Cellulose nanofibers (CNFs) are a fundamental component of plant cell walls. Because of their excellent mechanical properties and their high specific surface area, we are studying the utilization of CNFs as a reinforcing filler of resin composites.
In many cases, it is necessary to modify the raw CNFs to obtain a balance between hydrophilic and hydrophobic properties, introduce functional groups, dewater, and re-disperse. Polymer grafting on the surfaces of CNFs is a particularly powerful means of guiding self-assembly and tuning the compatibility of CNFs with other materials. However, large quantities of organic solvent are used in pre-treatment, polymerization, and/or purification, which is environmentally unfriendly. Therefore, there is a demand for new polymer grafting methods that are both facile and green.
In our study, we irradiated an aqueous suspension of CNFs with ultraviolet (UV) light to generate radicals on the sur- faces of the CNFs, initiating polymer grafting. As a result, poly (methyl methacrylate) (PMMA) was readily grafted from the CNFs, without destroying the crystalline region of cellulose. PMMA-grafted CNFs show improved hydrophobicity and redispersibility in organic solvent. As well as PMMA, various other polymers can be grafted from CNFs without using organic solvents. We believe that this technique, called UV grafting, may provide a greener method for producing CNF materials with novel features.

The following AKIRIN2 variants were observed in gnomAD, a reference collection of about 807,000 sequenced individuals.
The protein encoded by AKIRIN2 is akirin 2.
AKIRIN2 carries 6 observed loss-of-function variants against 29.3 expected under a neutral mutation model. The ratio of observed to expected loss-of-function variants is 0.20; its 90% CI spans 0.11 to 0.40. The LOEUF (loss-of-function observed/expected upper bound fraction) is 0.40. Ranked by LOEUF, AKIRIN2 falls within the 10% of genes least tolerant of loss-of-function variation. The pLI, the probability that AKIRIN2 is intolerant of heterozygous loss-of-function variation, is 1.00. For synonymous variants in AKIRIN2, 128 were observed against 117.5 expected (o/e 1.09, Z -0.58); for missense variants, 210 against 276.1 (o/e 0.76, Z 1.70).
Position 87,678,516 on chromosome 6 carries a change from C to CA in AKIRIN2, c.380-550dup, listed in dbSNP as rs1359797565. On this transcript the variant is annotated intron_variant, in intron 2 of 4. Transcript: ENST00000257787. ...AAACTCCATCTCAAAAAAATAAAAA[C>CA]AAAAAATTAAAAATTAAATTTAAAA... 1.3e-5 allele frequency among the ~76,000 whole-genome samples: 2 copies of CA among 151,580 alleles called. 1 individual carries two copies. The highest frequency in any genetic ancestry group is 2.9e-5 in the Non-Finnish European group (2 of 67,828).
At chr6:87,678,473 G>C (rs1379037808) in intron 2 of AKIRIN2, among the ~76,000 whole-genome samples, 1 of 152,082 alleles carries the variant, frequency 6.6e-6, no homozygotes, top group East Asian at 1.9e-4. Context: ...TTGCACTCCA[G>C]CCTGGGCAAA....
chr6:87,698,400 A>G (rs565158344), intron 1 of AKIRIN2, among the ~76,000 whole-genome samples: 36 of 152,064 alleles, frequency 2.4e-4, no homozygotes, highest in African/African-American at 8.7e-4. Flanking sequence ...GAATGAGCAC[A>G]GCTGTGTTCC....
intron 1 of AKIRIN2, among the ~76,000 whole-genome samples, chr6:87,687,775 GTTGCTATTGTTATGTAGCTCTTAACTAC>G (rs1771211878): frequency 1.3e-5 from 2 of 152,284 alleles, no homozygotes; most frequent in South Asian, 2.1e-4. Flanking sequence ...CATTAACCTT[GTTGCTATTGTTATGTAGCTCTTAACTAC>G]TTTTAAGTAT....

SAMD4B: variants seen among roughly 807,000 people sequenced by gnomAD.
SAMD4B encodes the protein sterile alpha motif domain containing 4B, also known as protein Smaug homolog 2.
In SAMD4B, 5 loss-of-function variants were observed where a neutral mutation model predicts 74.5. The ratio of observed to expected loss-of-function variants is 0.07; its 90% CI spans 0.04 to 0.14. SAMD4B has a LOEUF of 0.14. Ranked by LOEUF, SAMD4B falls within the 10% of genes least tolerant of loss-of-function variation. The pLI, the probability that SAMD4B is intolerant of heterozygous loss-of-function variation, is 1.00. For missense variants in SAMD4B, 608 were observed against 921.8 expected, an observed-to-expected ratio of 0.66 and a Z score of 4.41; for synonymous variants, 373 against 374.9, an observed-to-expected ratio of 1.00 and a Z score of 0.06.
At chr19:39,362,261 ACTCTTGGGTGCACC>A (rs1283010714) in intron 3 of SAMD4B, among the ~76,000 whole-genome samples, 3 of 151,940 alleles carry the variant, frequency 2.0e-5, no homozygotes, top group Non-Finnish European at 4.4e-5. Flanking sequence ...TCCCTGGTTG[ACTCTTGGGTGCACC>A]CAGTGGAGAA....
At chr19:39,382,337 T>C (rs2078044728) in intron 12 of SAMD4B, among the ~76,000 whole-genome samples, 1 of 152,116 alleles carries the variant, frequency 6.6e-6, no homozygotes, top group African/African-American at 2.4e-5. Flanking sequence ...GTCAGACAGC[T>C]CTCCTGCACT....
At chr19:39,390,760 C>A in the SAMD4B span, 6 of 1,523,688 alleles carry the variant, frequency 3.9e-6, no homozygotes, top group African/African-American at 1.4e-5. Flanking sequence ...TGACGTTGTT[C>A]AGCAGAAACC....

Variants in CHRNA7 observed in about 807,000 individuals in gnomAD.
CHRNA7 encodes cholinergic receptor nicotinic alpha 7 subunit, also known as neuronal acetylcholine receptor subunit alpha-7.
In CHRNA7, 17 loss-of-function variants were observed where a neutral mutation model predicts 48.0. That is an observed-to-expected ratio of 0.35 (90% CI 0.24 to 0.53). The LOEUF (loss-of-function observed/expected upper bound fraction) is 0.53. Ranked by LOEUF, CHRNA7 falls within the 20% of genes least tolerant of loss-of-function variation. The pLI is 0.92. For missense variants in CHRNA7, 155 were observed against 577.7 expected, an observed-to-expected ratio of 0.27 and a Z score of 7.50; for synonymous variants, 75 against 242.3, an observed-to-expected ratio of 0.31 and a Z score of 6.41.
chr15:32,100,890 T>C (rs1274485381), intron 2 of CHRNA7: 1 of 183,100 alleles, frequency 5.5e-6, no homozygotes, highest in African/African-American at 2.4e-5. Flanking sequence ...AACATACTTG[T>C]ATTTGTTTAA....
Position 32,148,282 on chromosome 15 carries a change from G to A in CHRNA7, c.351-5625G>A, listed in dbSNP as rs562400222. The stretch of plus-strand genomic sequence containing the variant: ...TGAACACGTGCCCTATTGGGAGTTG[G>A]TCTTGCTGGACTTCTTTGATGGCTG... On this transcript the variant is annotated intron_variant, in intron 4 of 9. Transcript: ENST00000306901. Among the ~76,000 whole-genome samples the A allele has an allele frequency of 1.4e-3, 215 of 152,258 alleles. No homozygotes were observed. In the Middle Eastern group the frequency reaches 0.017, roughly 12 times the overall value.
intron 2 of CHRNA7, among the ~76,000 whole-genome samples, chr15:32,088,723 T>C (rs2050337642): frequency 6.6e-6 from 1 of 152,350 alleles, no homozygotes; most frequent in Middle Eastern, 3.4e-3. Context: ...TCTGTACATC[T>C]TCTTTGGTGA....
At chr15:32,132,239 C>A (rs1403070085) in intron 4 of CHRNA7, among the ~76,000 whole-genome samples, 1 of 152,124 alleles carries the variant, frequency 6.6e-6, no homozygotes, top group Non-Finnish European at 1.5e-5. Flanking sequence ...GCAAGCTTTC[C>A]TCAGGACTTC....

- Semba T, Ito A, Kitagawa K, Kataoka H, Nakatsubo F, Kuboki T, Yano H. Polyamide 6 composites reinforced with nanofibrillated cellulose formed during compounding: Effect of acetyl group degree of substitution. Composites Part A: Applied Science and Manufacturing 145, 106385, 2021
- Sato A, Toshimura T, Kabusaki D, Okumura H, Homma Y, Sano H, Nakatsubo F, Kuboki T, Tano H. Influences of dispersion media for chemically modified cellulose nanofibers on rheological and mechanical properties of cellulose nanofiber reinforced high-density polyethylene. Cellulose 28 (8), 4719-4728, 2021